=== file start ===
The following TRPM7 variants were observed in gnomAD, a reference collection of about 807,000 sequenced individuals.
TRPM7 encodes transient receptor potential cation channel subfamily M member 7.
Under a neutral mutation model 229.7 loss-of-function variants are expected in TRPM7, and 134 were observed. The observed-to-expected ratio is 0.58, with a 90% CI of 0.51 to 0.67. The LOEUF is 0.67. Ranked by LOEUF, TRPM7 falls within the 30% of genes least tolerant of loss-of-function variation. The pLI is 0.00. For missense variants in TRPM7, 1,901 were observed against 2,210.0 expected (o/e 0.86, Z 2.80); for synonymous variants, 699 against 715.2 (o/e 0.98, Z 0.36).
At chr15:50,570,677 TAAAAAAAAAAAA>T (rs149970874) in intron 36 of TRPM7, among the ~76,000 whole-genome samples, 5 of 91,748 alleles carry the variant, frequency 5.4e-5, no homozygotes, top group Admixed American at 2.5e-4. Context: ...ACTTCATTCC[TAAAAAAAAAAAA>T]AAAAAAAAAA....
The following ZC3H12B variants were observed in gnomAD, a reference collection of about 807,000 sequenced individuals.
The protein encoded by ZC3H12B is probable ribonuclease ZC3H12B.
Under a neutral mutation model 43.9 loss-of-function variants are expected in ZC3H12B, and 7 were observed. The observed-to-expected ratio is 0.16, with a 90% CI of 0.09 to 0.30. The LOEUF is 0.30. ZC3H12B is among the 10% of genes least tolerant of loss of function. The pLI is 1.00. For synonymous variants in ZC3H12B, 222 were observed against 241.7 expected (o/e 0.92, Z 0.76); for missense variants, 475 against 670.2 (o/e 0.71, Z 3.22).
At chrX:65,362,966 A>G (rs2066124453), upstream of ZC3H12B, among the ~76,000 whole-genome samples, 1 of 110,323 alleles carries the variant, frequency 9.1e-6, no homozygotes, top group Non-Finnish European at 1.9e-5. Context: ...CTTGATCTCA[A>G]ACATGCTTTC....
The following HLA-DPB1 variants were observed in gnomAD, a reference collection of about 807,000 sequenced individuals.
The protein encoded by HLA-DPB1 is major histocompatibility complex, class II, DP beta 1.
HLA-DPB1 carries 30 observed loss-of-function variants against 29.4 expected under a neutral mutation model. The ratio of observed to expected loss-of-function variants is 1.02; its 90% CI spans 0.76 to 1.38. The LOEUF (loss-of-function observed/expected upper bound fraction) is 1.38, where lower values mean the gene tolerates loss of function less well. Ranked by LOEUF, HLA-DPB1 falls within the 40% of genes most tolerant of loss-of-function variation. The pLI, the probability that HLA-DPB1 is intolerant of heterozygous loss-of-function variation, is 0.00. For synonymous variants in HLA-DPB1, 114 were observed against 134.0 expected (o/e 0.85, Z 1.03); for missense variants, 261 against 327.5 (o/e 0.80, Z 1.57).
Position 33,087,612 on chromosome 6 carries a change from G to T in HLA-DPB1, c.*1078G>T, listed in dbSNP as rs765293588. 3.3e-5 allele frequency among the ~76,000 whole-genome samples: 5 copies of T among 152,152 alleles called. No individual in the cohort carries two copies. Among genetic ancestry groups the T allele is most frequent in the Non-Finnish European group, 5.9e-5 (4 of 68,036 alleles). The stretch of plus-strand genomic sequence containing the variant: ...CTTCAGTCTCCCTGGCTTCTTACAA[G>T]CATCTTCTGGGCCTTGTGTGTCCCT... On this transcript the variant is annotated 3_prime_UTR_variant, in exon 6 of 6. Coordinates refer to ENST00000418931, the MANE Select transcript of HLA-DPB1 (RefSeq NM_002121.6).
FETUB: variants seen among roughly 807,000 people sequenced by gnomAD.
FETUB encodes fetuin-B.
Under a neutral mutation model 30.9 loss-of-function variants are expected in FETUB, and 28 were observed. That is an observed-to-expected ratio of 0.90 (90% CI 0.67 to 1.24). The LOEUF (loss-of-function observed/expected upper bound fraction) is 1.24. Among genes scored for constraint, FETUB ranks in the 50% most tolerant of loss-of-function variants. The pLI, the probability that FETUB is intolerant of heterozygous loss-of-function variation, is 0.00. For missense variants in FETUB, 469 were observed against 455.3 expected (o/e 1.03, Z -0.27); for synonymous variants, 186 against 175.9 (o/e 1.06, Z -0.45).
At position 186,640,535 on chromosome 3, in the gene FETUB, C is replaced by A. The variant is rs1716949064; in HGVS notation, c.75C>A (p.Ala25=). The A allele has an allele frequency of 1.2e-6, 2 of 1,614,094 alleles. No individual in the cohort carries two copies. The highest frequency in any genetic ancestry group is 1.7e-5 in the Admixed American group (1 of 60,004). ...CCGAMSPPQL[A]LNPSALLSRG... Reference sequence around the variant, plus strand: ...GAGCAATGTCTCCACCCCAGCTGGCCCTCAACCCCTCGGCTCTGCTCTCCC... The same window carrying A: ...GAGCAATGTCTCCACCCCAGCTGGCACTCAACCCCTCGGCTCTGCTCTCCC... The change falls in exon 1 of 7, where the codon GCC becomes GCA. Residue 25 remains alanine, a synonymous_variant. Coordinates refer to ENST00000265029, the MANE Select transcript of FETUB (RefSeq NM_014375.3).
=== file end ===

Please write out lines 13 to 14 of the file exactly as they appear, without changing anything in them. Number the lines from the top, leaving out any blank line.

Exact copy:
FETUB: variants seen among roughly 807,000 people sequenced by gnomAD.
FETUB encodes fetuin-B.